The Hindenburg & Graf Zeppelins
These vast rigid airships ruled the skies before the Hindenburg burst aflame above Lakehurst in 1937 — taking with it the future of lighter than air travel. And despite their size, they lifted effortlessly. Sailing through the skies at modest speeds that accentuated carefree journeys over destinations. Their exteriors were a striking silver, their interiors divided into elegantly laid out public rooms, promenades, restaurants, writing rooms, cocktail bars, and, terrifyingly when one considers the Hindenburg disaster, smoking rooms.
But these Zeppelins were meant to be the ocean liners of the sky and like the cruise ships of the day, they boasted snug private cabins finished to luxurious yet homely standards in a playful Bauhaus style, designed by Fritz August Brehaus de Groot — interior designer of the S.S. Bremen Luxury Liner. But an interesting design quirk of Zeppelins was the walls that were made from fabric coated foam to lessen the weight of the ship. In fact, much of the interiors were designed in this manner. Tables and chairs were made from hollow aluminium tubes, cabin sinks constructed from plastic, kitchens made entirely from aluminium, and there was even a lightweight piano in the lounge of the Hindenburg, made from Duralumin and coated in pigskin.
But that’s where the frugality ends. For example, dinners aboard the Hindenburg were extraordinary, as were the plates and teapots that were inlaid with heavy gold. Chef Xaver Maier who served aboard its final trip had come from the Paris Ritz and served fine but quite traditional meat-heavy German cuisine (which didn’t sit well with many of the passengers — who drank the entire supply of Gin on the maiden voyage). But after those languorous flights between the Americas and Europe, thousands of cocktails shaken, the world’s first catholic mass held in the air, tonnes of mail carried and some 3,500 passengers catered to, it all came to an end, as things all too often do, in fire and smoke.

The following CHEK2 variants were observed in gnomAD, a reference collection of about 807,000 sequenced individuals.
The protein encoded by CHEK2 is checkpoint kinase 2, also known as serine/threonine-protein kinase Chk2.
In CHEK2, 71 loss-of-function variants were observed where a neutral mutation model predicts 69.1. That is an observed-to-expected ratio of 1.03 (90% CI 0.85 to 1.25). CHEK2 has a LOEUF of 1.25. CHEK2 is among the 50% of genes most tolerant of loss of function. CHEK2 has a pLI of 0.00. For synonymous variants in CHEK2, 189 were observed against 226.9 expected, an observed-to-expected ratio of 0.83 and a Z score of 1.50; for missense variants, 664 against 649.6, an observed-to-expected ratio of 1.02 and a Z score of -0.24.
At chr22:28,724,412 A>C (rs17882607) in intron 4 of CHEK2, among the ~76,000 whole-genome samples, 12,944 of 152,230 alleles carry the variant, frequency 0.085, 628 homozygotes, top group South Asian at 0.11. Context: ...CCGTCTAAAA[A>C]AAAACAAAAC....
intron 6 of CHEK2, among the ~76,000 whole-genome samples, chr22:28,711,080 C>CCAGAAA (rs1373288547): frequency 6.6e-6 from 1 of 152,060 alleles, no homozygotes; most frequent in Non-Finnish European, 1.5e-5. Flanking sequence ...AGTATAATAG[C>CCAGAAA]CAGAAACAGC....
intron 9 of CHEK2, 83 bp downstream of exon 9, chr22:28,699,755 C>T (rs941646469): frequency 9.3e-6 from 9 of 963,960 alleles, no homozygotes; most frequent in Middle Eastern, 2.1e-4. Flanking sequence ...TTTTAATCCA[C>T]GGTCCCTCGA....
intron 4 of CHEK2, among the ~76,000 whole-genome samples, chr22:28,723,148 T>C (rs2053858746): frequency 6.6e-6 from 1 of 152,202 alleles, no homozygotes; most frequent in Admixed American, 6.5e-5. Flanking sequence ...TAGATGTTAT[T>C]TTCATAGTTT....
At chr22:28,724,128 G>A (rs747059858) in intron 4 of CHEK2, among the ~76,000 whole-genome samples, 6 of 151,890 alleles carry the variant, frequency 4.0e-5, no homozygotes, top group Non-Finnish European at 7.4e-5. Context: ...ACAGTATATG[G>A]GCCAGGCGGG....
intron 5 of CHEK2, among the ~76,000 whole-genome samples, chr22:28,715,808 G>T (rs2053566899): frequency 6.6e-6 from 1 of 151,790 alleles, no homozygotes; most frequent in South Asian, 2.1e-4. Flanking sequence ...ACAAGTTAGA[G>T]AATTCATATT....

However….. Zeppelins are back and flying custom tours above Munich and other places, and while it’s not quite the same luxurious experience as before, the incredible-looking HAV Airlander is promising that hyper luxurious, zero-carbon flights (with a helium-filled hull), will start in the early 2020s.